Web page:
Paul Guldin

This page was last edited on 7 September 2017, at 23:43.

Paul Guldin (original name Habakkuk Guldin; 12 June 1577 (Mels) – 3 November 1643 (Graz)) was a Swiss Jesuit mathematician and astronomer. He discovered the Guldinus theorem to determine the surface and the volume of a solid of revolution. (This theorem is also known as the Pappus–Guldinus theorem and Pappus's centroid theorem, attributed to Pappus of Alexandria.) Guldin was noted for his association with the German mathematician and astronomer Johannes Kepler.[1] Guldin composed a critique of Cavalieri's method of Indivisibles.[2]

He was born in Mels, Switzerland, and was a professor of mathematics in Graz and Vienna.

In Paolo Casati's astronomical work Terra machinis mota (1658), Casati imagines a dialogue among Guldin, Galileo, and Marin Mersenne on various intellectual problems of cosmology, geography, astronomy and geodesy.

Paul Guldin
Paul Guldin
Paul Guldin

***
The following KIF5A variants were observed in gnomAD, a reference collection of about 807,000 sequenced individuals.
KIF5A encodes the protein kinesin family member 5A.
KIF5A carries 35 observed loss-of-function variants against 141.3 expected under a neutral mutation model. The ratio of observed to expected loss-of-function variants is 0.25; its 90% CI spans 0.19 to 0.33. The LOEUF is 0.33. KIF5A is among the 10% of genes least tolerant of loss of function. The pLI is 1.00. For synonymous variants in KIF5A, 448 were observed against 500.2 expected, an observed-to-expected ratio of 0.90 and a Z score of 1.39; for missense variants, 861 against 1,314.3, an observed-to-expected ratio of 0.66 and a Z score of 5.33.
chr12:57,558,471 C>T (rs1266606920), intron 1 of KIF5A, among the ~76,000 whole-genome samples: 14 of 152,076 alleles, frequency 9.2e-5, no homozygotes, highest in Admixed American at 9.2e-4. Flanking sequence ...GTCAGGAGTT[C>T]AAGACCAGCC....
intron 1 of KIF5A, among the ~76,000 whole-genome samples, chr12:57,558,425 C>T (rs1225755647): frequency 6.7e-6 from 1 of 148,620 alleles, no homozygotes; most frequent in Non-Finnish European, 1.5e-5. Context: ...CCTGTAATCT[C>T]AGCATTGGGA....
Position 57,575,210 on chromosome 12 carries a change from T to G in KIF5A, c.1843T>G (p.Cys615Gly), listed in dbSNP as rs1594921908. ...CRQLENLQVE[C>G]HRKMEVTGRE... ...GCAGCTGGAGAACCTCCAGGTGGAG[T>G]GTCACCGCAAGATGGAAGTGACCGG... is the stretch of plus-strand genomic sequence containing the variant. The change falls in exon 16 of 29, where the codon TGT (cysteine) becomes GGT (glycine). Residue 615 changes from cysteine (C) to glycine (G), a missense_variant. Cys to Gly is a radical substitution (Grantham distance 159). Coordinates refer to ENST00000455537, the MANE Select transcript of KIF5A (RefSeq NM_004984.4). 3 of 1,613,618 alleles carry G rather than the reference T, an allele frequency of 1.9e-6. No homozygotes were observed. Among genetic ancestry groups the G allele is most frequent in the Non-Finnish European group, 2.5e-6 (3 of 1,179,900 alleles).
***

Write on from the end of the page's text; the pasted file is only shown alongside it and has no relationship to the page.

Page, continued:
Born 12 June 1577
Died 3 November 1643 (aged 66)
Nationality Swiss
Other names Habakkuk Guldin
Occupation Jesuit
mathematician
astronomer
Known for Guldinus theorem

See also

Notes

  1. ^ Schuppener, Georg (1 December 1997). "Kepler's relation to the Jesuits—A study of his correspondence with Paul Guldin". NTM N.S. 5 (1): 236–244. doi:10.1007/BF02913670. Retrieved 29 December 2016 – via link.springer.com.
  2. ^ Amir Alexander (2014). Infinitesimal: How a Dangerous Mathematical Theory Shaped the Modern World. Scientific American / Farrar, Straus and Giroux. ISBN 978-0374176815.

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